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The Brazilian Electronic Landscape

By Carlos Barros
At a time when the world is facing the prospect of severe change in its power relationships and the financial industry is under worldwide scrutiny, there are few places that inspire more confidence for long-term investments than the BRICs with Brazil probably presenting the most balanced profile of growth, democracy, economic stability and diversification. Carlos Barros of Agora CTVM explains.
After many years of doing their homework across the political and macro-economic spectrum, Brazil finally emerged from the recent turmoil as an interesting harbor for the highly demanding and sophisticated international investor, and is now set to become the access point for all Latin American markets.
Technological Evolution
The Brazilian market place is rapidly evolving and following many international best practices under a regulated environment, which definitely allows innovation but also aims to protect both the market and its participants’ integrity. Practices like ‘sponsored access’ and ‘co-location’ are already being used, while concepts like best execution is being discussed by the local regulators.
The basis of this development was created by the markets’ electronification. Bovespa, the equities market, ended its pit activities in 2005 and BM&F, the futures market, followed suit in 2009, almost a year after the two exchanges merged to form BM&FBovespa, the world’s 3rd largest exchange by market value.
To meet this challenge and be more cutting-edge, not only have the exchanges and the sell-side started to arm themselves with high-end technology, but the buy-side community is increasingly interested in high frequency algorithms, low latency EMS/OMS, Straight Through Processing (STP), risk systems, and all sorts of technology solutions that might impact their trading activity in this new environment.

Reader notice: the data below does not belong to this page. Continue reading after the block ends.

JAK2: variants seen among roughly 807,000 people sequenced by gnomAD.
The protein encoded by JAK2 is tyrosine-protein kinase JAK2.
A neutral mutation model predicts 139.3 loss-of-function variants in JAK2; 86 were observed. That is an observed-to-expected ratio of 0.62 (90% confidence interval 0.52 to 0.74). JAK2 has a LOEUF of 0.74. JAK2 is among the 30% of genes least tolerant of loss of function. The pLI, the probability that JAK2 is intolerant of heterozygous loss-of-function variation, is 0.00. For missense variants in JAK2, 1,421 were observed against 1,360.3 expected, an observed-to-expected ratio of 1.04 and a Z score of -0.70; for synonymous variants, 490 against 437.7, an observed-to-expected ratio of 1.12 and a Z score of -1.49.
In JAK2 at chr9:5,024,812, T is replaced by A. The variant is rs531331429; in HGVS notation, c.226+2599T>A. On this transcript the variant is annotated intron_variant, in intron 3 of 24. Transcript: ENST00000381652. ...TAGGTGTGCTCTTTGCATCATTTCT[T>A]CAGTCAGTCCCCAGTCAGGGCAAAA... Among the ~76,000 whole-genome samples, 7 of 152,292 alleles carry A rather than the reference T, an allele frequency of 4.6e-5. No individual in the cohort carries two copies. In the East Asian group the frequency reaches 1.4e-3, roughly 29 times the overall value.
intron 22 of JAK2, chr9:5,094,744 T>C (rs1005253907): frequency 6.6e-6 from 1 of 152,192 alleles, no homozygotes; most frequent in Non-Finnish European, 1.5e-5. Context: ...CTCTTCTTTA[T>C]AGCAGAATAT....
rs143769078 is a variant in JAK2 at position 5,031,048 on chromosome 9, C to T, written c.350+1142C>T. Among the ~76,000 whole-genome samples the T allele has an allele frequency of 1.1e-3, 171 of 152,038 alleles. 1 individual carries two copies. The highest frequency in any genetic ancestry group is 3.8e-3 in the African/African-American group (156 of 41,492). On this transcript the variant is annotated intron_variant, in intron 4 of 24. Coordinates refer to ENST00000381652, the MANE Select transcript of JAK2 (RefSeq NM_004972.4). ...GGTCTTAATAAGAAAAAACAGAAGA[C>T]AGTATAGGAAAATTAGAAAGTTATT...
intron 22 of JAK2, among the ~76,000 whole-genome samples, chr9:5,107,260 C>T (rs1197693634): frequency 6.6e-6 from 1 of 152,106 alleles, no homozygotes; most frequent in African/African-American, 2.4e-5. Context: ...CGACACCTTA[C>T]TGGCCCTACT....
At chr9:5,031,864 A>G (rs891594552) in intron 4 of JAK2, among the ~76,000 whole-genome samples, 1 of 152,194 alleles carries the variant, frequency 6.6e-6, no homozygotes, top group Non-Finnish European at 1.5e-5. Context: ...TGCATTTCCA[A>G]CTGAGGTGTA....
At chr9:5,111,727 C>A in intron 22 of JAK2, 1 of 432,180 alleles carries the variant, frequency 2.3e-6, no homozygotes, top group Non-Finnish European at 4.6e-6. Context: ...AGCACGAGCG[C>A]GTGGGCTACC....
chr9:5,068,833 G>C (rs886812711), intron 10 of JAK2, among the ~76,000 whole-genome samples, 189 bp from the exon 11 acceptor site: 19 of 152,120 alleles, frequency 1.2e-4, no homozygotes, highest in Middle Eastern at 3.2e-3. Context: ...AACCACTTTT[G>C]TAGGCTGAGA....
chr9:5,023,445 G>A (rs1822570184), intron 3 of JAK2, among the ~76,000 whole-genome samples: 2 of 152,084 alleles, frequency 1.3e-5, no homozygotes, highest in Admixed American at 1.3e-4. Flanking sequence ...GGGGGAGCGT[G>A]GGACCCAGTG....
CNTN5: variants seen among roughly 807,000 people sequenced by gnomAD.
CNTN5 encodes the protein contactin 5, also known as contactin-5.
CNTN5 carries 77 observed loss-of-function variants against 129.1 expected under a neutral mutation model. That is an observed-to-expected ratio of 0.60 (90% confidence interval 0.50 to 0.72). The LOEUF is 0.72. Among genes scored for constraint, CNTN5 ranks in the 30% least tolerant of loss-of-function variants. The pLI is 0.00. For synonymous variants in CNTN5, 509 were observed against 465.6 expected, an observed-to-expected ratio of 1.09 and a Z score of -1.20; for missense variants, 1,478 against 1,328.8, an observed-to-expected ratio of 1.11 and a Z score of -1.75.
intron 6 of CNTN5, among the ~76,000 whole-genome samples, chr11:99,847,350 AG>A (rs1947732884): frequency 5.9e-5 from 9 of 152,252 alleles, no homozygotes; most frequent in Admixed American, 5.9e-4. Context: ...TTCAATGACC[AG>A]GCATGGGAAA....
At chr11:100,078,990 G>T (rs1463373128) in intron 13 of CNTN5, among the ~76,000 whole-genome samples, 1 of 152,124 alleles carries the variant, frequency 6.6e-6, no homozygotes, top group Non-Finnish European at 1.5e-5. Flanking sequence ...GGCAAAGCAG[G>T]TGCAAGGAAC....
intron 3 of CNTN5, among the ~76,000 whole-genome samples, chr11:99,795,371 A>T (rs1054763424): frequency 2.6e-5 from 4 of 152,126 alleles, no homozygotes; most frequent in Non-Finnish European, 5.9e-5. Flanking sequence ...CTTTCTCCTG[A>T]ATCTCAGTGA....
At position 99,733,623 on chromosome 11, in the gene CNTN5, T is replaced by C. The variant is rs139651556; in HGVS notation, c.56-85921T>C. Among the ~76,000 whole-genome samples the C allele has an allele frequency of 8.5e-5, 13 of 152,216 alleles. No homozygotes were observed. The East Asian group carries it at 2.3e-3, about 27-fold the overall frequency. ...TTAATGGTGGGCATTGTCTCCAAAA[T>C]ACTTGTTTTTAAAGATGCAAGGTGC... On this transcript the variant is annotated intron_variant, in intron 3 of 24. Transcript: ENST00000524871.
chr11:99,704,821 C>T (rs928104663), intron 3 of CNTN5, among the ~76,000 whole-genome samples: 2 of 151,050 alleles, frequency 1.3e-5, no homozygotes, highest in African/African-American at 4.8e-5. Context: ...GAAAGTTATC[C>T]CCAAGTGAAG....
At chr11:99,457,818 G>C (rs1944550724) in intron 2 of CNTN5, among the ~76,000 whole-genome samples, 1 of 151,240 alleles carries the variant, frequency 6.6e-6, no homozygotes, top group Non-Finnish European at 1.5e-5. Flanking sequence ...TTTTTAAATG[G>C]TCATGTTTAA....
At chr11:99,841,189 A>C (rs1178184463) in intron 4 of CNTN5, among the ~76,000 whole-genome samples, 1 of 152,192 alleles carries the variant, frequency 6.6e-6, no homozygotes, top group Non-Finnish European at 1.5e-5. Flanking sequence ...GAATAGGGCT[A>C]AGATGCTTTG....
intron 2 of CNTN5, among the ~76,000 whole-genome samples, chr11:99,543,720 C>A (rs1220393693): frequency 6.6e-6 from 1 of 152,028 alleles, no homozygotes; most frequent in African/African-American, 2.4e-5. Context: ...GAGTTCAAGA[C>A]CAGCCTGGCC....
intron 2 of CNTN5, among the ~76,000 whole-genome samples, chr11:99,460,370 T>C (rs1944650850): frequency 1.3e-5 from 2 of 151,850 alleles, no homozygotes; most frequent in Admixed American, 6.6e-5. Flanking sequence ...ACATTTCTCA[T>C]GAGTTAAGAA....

Once the race started, the great majority of brokers, both local and foreign, began to look for some kind of electronic capabilities in the Brazilian market, creating an incredibly strong demand for specialized services and products within the electronic trading arena.
This trend was reinforced by the exchanges’ demutualization followed by their IPOs, which provided to brokers, who formerly owned the venues, sufficient capital to invest in infrastructure and technology, at the expense of losing the subsides that formerly kept some of them alive.
Without this steady inflow, players had to pursue other options to generate commission and their business models became increasingly linked to their choice of technology.
Their options were:

  1. Buying technology from an Independent Software Vendor (ISV), which creates dependency, but provides the assurance that the provider is fully focused on its core business;
  2. Acquiring and merging with an ISV or another broker, which might be more expensive, but provides the assurance that the firm is incorporating a proven and tested solution as well as the knowledge base;
  3. Developing the solution in-house, which might not be the quickest solution, but is definitely the option with the lowest cost prospects and highest knowledge aggregation rate.

In fact, the most appropriate model depends on a firm’s electronic business size, its technological maturity and its willingness to spend on both IT capital as well as personnel expenditure. However, it has been noticed that the most agile and sophisticated independent firms are being targeted by the bulge-bracket brokers and investment banks willing to increase their electronic operations.
The results of these unions are firms that evolve faster than independent ones, as they have more capital and more solid balance sheets. They are also faster than traditional full-service broker-dealers, since they are leaner with more specialized staff, and are focused on moving ahead of the market in identifying new trends.
As observed in more mature markets, it’s possible to foresee that with more fire power, large brokers will establish a technological barrier that will prevent mid-tier houses from effectively participating in the game, thus generating more consolidation and even the disappearance of some firms. Meanwhile, smaller and more specialized firms can focus on niche markets, thereby protecting themselves from being highly affected. 

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